Body profile “attoid” sensu Wheeler and Wheeler (1948), i.e., longitudinally curved, bean-shaped, and with ventral profile shorter than dorsal. Thoracic-abdominal articulation absent, thoracic intersegmental constrictions superficial, deep lateral depressions associated with abdominal spiracles absent, and leg vestiges visible as open slits ventrally on thorax. Dorsal and lateral body surfaces from bare (S. parvulus) to with more than 15 setae on each side (S. amabilis). Setae simple, some long and flexuous, some (e.g., on clypeus and labrum) reduced, papilliform, with only setal socket and very short bristle.
Head. Genal lobe present. One long supra-antennal seta posterior to each antenna (“Sericomyrmex condition” sensu Schultz and Meier 1995) in some species (S. amabilis, S. bondari, S. mayri), absent in others (S. opacus, S. parvulus, S. saramama, S. saussurei). No setae between antennae, four setae on each gena, except in S. mayri with six. Two supraclypeal setae in all species, reduced to papillae, except S. bondari with two long supraclypeal setae. Spinules on head restricted to clypeus, genae, and vertex; in S. opacus almost completely absent, restricted to few on clypeus.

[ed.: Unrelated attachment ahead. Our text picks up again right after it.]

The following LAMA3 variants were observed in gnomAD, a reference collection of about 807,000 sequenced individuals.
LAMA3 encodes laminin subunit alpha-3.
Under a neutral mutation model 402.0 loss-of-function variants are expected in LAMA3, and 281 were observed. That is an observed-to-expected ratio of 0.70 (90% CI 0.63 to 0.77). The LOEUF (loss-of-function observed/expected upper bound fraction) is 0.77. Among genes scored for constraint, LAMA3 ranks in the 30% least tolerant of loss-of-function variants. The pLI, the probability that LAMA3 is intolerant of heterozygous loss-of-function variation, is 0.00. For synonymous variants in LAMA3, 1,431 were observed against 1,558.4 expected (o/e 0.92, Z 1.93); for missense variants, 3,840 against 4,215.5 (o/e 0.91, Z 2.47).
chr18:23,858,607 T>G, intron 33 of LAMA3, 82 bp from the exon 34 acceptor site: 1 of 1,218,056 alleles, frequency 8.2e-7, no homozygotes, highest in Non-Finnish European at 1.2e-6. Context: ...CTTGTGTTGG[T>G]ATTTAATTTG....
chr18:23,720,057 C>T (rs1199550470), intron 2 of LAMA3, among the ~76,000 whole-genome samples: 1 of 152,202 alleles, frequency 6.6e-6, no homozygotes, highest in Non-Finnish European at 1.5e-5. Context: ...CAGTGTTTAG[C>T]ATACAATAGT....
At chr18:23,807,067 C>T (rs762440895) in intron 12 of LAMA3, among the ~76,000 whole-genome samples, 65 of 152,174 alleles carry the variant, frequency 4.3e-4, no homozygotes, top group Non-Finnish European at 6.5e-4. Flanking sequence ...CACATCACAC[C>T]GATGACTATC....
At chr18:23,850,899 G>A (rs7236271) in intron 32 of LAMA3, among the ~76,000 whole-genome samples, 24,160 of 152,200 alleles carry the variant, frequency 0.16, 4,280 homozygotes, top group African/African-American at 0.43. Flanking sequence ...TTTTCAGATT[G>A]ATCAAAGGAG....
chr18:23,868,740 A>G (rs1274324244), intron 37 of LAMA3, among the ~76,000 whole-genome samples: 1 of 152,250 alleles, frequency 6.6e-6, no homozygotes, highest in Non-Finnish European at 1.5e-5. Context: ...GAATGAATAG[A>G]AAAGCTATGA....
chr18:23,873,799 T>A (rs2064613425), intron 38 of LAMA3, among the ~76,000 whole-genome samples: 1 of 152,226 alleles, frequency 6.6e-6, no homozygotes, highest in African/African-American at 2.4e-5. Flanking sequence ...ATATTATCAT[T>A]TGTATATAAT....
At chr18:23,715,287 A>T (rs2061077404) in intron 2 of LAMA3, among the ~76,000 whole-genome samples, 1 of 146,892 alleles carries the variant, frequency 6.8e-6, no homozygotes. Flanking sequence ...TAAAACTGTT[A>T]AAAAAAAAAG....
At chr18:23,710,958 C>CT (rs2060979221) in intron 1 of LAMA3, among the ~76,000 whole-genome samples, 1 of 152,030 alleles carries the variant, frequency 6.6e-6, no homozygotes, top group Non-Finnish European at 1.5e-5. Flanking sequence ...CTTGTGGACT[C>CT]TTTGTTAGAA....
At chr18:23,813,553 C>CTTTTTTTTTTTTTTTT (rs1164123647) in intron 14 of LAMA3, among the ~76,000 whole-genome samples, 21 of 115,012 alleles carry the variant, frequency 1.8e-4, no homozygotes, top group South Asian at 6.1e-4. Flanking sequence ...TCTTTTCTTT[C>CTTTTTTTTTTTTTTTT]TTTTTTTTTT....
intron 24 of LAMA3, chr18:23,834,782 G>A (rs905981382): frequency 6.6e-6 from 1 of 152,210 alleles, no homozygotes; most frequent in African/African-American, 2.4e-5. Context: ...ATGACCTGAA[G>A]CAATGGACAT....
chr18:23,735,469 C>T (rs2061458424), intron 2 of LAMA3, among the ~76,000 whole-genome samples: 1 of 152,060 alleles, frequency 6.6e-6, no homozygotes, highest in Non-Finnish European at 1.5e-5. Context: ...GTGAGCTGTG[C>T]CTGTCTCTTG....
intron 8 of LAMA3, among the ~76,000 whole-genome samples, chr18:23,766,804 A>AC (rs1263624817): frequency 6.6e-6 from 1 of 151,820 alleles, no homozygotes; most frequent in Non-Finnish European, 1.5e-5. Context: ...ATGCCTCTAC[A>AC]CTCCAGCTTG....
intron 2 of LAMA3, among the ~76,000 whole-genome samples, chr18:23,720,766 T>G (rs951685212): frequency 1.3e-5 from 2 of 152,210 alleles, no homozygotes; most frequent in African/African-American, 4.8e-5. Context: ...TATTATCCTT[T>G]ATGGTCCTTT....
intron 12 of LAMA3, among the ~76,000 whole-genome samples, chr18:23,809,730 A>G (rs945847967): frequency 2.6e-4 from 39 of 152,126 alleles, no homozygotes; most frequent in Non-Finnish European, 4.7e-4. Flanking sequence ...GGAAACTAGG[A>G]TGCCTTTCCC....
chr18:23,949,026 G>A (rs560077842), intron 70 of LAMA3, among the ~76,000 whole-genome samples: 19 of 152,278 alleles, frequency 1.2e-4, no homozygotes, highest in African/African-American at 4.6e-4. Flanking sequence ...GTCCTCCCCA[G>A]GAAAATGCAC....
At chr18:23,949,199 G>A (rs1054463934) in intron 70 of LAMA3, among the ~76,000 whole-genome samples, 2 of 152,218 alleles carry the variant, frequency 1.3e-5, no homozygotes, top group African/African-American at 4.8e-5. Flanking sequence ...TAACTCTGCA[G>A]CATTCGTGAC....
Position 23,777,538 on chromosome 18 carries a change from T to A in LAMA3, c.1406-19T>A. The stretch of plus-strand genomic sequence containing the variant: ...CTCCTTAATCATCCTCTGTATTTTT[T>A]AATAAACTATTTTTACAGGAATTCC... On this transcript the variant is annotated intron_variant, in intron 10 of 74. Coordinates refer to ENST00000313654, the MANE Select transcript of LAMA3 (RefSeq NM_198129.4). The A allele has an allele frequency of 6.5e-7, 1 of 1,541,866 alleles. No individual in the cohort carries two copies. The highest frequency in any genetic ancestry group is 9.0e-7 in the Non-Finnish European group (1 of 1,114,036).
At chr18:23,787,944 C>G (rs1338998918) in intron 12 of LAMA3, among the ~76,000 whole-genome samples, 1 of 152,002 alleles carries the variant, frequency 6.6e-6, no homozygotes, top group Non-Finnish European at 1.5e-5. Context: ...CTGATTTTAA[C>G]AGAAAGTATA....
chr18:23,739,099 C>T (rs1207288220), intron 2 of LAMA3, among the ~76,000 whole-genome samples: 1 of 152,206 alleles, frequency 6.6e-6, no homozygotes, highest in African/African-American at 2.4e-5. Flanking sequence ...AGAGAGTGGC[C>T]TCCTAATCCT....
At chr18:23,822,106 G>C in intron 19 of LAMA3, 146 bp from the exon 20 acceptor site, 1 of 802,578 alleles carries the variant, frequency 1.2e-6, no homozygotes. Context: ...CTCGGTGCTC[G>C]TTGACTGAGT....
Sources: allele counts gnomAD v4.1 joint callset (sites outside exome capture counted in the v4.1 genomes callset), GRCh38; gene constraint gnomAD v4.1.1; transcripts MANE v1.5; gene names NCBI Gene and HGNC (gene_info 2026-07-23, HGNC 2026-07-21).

Mouthparts. Labrum monolobate, narrow, inflated, with anterior setae absent or reduced to sensilla or papillae. Mandible fleshy and subconical, covered with spinules. Subapical mandibular tooth absent, mandibular apical tooth distinct, divided in some species, undivided in others. Mandibular gnathobases absent. Basal portion of maxilla fused with head capsule, maxillary palp digitiform, widely removed laterad from galea. Maxillary accessory palpal sensillum present. Area between maxillary galea and palp with two reduced setae. Labium short, only feebly protruding, lateral sericteral protuberances absent, labial palps reduced to sensilla. Spinules on labium completely absent or sparse, present only anterior to sericteries. Ventral part of labium (posterior to sericteries) usually not visible. Hypopharyngeal spinules densely distributed and predominantly multidentate.